the Moratorium order on termination confirmed that utilities should continue to track extraordinary, one-time, additional, and COVID-19 expenses and keep detailed records of those expenses. the Moratorium order on termination also confirmed that electric utilities, natural gas, water, wastewater, steam, and telecom rate base / rate of return can create a regulatory asset for any additional expenses incurred beyond those included in the rates resulting from the Moratorium order on termination and previous PUC orders relating to the pandemic.


The March 2021 order ending the moratorium on utility connections also ordered electricity, natural gas, water, wastewater, steam and telecommunications companies to submit reports regarding the accounts. at risk of termination, accumulated dollars in arrears and accounts disconnected for non-payment. . Reports were due quarterly, on the 15th day of the month following the end of the quarter, with the last report due on January 15, 2022. The Moratorium order on termination reaffirmed these reporting requirements, but clarified that they were based on the PUC’s statutory authority to require utilities to file periodic reports4 – not on the Emergency Disaster Proclamation or any other order relating to the COVID-19 pandemic.


In March 2020, the PUC established procedures for suspension or extension of time limits set out in the PUC bylaws or in the statutes administered by the PUC. For example, in tariff cases, the chief administrative law judge was authorized to set time limits reasonable in the circumstances, after taking into consideration the positions of the parties and of the presiding administrative law judge. Deadlines generally could not be extended or suspended for more than 90 days. In addition, following the termination of the Emergency Disaster Proclamation, the March 2020 order stated that a suspended period could be extended by an additional 30 days.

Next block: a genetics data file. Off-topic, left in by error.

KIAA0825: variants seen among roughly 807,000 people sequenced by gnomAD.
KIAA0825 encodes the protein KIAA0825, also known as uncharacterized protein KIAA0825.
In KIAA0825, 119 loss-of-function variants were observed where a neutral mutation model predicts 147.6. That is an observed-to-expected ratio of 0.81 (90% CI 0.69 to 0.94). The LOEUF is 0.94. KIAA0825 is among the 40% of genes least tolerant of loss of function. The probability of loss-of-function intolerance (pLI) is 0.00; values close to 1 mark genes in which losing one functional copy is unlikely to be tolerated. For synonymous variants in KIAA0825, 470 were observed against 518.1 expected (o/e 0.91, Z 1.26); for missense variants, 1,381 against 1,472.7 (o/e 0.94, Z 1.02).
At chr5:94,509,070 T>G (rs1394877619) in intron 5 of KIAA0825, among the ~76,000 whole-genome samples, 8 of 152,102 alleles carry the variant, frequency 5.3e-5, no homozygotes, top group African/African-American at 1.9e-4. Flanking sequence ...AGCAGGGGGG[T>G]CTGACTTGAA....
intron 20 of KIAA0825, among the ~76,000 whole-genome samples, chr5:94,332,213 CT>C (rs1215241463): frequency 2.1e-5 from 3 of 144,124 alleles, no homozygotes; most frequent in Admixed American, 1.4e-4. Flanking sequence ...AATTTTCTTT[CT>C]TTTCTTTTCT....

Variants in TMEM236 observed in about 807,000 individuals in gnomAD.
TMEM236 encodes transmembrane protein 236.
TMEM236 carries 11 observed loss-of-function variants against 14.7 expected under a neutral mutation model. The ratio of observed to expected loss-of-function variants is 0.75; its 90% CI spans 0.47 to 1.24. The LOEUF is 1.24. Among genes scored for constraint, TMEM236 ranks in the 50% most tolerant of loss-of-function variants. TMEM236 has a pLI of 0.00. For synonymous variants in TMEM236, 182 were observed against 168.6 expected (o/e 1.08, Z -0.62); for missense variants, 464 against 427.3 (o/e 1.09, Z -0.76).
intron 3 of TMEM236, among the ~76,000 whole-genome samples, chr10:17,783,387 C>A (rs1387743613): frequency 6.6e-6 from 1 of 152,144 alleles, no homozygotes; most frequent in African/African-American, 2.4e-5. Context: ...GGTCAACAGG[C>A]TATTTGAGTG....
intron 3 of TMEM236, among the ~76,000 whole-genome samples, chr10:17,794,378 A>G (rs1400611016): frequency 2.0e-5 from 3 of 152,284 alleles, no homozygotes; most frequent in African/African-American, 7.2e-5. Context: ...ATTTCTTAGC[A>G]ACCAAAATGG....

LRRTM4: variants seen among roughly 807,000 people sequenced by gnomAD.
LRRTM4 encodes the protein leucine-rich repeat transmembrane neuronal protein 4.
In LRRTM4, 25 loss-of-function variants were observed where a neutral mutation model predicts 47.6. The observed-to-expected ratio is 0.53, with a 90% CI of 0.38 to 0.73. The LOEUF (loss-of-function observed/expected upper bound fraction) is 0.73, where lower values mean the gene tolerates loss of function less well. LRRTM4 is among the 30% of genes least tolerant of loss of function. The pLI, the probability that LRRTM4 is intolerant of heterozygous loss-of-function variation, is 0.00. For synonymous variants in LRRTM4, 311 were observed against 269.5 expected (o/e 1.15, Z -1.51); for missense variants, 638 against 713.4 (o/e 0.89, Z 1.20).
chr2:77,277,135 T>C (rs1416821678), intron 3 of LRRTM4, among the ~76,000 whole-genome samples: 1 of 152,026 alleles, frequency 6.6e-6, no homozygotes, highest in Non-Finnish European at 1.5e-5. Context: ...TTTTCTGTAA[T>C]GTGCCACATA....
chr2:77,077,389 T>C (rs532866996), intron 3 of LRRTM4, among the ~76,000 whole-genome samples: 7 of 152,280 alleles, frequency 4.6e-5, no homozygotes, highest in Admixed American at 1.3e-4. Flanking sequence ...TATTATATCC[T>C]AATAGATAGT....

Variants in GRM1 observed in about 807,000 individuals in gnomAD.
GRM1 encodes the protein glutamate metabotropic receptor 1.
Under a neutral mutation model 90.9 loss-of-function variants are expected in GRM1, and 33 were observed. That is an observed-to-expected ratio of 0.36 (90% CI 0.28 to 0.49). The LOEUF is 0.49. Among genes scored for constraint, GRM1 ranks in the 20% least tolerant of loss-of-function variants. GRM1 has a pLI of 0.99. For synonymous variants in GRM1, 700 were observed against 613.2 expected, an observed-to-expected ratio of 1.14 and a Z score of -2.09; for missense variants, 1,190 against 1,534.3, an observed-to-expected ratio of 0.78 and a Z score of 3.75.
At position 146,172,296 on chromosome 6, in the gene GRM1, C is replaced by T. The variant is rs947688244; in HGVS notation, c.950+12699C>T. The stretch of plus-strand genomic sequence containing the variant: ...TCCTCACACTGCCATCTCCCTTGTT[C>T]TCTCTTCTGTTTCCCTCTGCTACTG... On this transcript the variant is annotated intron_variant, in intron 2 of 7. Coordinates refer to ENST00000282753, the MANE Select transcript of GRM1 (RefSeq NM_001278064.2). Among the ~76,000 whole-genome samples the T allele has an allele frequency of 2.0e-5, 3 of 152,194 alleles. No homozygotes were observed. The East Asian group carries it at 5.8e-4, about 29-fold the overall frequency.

the Order to suspend deadline states that the power to suspend or extend a time limit expires on September 30, 2021. Any order issued before that date, suspending or extending a time limit, will remain in full force after September 30, 2021, in accordance with its terms.


In March 2020, the PUC ordered that all filings be made through its electronic filing system, rather than sending hard copies to the PUC. Confidential or proprietary information, which cannot be classified using the PUC electronic filing system, had to be filed by e-mail addressed to the PUC Secretary. Finally, the PUC ordered that service in PUC proceedings be exclusively electronic during the pandemic.

The special rules for filing and service during the pandemic will expire on September 30, 2021. After that date, filing and service must be made in accordance with PUC regulations.


The pandemic has had a huge impact on taxpayers and public services. Therefore, getting back to normal is a process that will take time. This process may be similar to the 2013-2014 polar vortex recovery process. Many consumers have accumulated large arrears and will ask their utilities or the PUC for payment terms. Some consumers may also file complaints challenging the charges imposed by their utilities during the pandemic. Utilities that received small rate increases due to economic conditions during the pandemic may file another rate case sooner than would have been the case in the absence of the pandemic. The PUC may review its procedural and substantive regulations to determine what changes, if any, may be desirable based on “lessons learned” during the pandemic.5 As a result, developments at the PUC over the next few months are certainly worth watching.